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Taqlid

Some writers define talfiq as compound taqlid. The concept of taqlid closes the door of ijtihad, making it incumbent upon every Muslim to adhere to the doctrines of one of the four original schools of thought. However, ‘mere blind following’ is not favored and ‘following the opinion of a credulous mufti or jurist’ as an expert opinion is supported. Hence it is recommended for a lay-person to seek counsel of a trustworthy jurist in matters of a probable (zanni ) nature. On the other hand, in the matters holding a definitive (qat‛ī) proof from Shariah, there is no room for blind following as it is based upon knowledge of the five pillars of Islam and prohibitions regarding transactions.

Jurists trace the origin of taqlid to 2nd century hijri. Al-Shawkāni who places its evolution just after the sahaba, tābi‛īn and taba‛ tābi‛īn stresses that the conception of following one of the four established sunni schools of thought, developed after the period of the four Imāms, paid no heed to taqlīd and the four schools of thought were established without their permission. A contemporary jurist elaborates that taqlīd emerged gradually, its outset found in the era of the tābi‛ūn, and synchronized into three stages: first there appeared a general tendency of the masses towards dependence upon opinion of learned jurists, which followed through an abandonment of urge for learning and finally the stage of complete hardening of the hearts. This final phase is characterized by a total abandonment of juristic efforts to conduct ijtihād and people just relied upon previously established doctrines of established schools of thought.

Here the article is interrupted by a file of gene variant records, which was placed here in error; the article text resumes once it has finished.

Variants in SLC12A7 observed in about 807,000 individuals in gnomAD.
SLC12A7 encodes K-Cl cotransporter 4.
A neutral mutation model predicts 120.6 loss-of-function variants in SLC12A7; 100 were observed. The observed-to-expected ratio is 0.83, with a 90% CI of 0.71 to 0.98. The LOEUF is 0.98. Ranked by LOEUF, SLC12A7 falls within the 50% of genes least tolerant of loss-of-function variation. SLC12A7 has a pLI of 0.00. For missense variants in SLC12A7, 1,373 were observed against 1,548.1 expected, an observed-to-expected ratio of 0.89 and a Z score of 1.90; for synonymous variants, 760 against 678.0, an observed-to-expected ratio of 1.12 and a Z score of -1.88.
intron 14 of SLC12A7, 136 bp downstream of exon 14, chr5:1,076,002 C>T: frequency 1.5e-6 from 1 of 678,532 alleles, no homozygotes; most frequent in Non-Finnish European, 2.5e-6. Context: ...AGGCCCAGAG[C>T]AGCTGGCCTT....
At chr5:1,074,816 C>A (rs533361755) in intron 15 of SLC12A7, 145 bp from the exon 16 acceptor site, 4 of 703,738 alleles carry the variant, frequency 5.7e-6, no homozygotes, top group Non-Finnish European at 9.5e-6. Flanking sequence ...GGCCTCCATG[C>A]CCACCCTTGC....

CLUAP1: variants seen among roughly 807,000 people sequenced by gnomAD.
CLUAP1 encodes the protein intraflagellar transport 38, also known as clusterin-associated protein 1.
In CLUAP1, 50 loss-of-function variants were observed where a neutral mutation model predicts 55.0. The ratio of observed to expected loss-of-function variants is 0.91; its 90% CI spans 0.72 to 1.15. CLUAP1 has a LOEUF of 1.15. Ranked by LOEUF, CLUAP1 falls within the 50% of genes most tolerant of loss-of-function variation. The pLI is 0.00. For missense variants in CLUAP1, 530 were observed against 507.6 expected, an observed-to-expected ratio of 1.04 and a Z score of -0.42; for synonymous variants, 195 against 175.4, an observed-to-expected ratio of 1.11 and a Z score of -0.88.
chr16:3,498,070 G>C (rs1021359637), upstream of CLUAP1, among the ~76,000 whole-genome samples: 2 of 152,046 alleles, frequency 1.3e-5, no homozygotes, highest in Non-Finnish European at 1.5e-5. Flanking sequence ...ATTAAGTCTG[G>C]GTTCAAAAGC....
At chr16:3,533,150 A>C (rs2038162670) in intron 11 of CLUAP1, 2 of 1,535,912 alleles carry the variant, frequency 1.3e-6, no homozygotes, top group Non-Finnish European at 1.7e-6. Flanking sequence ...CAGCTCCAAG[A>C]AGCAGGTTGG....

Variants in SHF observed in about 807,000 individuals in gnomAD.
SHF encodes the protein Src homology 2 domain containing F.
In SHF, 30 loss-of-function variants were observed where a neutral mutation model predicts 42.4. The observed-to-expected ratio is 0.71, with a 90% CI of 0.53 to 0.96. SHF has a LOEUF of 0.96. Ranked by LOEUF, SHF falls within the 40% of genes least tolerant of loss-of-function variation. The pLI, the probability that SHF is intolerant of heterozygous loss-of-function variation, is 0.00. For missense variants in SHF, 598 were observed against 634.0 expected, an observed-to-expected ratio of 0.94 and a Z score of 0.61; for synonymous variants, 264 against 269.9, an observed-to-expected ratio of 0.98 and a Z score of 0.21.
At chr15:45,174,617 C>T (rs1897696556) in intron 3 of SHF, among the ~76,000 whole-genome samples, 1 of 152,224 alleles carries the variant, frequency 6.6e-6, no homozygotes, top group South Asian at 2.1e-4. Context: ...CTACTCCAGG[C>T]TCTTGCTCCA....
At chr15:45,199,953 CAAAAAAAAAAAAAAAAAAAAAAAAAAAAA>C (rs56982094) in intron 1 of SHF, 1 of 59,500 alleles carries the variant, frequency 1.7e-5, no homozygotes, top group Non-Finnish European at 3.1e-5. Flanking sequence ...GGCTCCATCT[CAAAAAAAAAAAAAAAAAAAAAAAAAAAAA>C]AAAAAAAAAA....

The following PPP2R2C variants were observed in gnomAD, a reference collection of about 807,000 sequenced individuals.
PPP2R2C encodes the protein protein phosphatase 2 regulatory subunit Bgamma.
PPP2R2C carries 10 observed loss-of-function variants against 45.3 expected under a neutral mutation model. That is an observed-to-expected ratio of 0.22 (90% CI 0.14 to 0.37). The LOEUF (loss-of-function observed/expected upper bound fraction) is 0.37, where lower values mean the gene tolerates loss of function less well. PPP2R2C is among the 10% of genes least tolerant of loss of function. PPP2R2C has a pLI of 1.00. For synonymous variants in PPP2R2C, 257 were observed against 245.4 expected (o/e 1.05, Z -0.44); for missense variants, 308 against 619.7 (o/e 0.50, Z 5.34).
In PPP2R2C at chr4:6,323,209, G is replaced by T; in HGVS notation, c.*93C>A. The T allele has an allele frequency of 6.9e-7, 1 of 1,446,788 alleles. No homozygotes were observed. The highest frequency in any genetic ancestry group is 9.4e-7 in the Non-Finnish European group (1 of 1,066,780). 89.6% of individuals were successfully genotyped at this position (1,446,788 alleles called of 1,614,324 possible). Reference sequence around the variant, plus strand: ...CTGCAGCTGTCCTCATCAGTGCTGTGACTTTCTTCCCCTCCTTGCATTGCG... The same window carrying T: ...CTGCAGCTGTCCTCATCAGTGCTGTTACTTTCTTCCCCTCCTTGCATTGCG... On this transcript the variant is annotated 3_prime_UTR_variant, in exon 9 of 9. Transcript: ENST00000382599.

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Juristic discourses on principles of Islamic jurisprudence usually discussed the concept of taqlīd in detail; elaborating its meaning, Sharī‛ah appraisal, viewpoints along with arguments of various schools of thought, on this issue. A brief discussion over the subject issue is reproduced below: